layer independent, but adaptation functions must exist for each transport-service pair
defined: adaptation functions are required between APs in the VPN transport layer and
CPs/FPs in the VPN service layer.


 2.5     High-Level Network Requirements
The goal of updating of high-level requirements for next-generation metro and core
networks aligns directly with the NOBEL project priorities as articulated in the project’s
objectives. Without these enriched requirements fewer answers to research questions
would be obtained and fewer breakthroughs would be accomplished, since they allow
deriving a set of network technologies and service deployment capabilities that are
specified in the different WPs of the project.
Chapter 7 focusing on architecture, network, and service requirements recognizes
advanced networking infrastructure as a basic enabler, and as an area that presents great
opportunities for the future empowerment of broadband service deployment technology
combining enhanced Transport plane, Control plane, and Management plane.
The structuring of requirements follows, in fact, the clustering proposed by ITU NGN with
the main objective that it is time to make a concerted effort to systematically embrace the
rush of new network capabilities. Furthermore, a general requirement class is introduced.
Three essential issues were identified in the aArchitecture requirement part and rank
ordered as to their impact on the success of NOBEL network. Besides the separation of
functional planes, importantly, the network must respect the so-called end-to-end principle,
i.e. the network must not be constrained by any application. Finally, in order to allow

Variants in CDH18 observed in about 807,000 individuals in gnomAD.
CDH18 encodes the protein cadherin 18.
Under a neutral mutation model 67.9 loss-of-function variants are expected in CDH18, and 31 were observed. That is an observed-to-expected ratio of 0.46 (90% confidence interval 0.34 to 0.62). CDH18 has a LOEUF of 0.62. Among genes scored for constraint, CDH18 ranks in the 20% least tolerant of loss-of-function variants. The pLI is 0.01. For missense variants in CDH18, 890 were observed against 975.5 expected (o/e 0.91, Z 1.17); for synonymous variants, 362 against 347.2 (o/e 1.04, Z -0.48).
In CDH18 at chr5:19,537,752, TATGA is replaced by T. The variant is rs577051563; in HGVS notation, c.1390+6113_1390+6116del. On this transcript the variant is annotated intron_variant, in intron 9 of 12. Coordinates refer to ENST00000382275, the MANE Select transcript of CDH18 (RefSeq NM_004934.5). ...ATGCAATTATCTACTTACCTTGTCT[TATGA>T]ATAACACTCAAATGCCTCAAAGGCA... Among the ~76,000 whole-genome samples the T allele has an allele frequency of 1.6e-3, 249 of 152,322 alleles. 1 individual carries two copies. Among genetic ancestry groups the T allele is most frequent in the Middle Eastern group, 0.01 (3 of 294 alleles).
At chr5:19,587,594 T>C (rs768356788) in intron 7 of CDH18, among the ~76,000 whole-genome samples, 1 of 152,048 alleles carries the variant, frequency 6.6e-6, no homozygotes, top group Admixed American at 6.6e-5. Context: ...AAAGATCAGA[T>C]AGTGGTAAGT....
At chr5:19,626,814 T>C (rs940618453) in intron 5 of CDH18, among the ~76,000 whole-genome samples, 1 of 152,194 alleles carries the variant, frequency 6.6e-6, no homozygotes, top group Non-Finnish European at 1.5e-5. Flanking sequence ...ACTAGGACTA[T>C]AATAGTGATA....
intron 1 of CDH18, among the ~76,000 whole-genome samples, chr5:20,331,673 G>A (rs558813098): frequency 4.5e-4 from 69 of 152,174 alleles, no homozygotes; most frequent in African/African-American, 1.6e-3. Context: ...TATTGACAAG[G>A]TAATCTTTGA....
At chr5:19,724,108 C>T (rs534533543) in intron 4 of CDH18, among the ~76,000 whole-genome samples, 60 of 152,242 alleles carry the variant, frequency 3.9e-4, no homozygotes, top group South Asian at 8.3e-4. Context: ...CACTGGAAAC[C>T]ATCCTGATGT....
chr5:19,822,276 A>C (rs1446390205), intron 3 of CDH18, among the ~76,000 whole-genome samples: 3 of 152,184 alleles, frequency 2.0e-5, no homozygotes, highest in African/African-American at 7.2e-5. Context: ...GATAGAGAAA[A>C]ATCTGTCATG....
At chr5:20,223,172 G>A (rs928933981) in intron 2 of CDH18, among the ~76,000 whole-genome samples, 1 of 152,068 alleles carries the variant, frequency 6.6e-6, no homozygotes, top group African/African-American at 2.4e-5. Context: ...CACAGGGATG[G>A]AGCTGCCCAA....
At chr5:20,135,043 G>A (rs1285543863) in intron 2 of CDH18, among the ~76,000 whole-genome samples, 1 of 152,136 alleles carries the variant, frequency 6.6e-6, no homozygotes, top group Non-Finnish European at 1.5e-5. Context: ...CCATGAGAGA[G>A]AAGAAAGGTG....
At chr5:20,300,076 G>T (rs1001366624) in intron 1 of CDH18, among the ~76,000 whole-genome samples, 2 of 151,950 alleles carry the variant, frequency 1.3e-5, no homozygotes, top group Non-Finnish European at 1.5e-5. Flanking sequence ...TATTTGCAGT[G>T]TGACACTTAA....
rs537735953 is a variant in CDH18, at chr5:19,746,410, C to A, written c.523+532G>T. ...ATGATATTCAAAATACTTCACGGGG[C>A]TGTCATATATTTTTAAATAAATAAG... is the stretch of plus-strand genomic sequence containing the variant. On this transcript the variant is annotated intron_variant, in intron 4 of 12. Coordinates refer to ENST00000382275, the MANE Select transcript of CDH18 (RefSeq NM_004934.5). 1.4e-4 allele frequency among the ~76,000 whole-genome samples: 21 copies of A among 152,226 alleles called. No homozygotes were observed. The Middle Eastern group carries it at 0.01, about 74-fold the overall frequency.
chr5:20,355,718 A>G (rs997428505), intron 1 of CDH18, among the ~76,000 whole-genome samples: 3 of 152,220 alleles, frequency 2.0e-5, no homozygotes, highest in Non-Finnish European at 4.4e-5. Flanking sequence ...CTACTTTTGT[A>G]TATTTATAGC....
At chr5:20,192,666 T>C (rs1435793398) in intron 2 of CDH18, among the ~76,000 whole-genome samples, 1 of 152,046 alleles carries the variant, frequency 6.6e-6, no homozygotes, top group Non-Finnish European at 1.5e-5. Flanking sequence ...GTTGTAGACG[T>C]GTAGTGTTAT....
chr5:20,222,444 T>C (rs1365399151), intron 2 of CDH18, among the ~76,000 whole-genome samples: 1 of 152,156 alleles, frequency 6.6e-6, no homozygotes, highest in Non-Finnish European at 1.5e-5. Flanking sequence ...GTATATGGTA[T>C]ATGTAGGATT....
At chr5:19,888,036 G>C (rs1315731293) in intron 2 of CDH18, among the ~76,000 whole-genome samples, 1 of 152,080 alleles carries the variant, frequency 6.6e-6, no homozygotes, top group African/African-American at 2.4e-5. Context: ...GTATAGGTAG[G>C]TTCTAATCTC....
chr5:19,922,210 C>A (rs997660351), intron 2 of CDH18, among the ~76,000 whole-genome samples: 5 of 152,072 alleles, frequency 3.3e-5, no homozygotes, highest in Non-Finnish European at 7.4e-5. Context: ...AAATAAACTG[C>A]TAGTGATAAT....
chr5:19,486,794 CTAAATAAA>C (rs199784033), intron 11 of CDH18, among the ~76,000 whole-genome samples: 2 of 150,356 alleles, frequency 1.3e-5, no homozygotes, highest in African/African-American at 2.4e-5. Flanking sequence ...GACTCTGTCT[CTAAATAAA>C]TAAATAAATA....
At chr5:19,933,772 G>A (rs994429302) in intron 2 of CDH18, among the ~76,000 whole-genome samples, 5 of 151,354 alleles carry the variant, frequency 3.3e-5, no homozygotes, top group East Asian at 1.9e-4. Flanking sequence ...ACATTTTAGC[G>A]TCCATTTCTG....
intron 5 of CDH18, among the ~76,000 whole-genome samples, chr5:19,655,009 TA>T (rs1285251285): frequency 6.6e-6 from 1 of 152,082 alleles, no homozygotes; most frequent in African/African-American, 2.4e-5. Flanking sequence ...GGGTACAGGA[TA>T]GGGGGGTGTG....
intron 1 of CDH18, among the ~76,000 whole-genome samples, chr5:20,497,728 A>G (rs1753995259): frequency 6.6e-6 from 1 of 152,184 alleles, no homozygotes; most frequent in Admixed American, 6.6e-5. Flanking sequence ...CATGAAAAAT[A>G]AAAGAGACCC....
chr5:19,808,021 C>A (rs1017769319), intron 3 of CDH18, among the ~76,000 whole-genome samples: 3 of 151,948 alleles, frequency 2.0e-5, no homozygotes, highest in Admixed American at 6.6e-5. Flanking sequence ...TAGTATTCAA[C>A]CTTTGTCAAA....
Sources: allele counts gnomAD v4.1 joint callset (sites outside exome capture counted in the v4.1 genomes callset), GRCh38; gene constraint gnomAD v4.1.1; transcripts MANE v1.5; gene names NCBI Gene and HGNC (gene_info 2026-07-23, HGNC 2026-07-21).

seamless migration, backward compatibility requirements to existing network
infrastructures is explained.
The identified network requirements are grouped into eleven items, without ranked order.
Note that several critical issues are not addressed here because they were neither
networking nor network technology issues. However, these requirements cover all the
functional planes going from the data plane and relevant physical layer features up to the
management plane requirements.
Several general observations and conclusions may be made after analyzing these network
requirements.
The first, and perhaps most significant, observation is that today´s networks are already, or
are rapidly becoming, an inherently distributed platform. Distributed means that a network
control requirements are routinely addressed and that the resulting network depends
critically, or will in the near future in real networks, on an infrastructure that supports the
process of seamless (control plane) interoperability both from intra-carrier and inter-carrier
perspectives. This leads to more and more performing Traffic Engineering requirements,
network performance enhancements, performance optimization, and performance



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improvement of network protocols. Even though low-level considerations are not included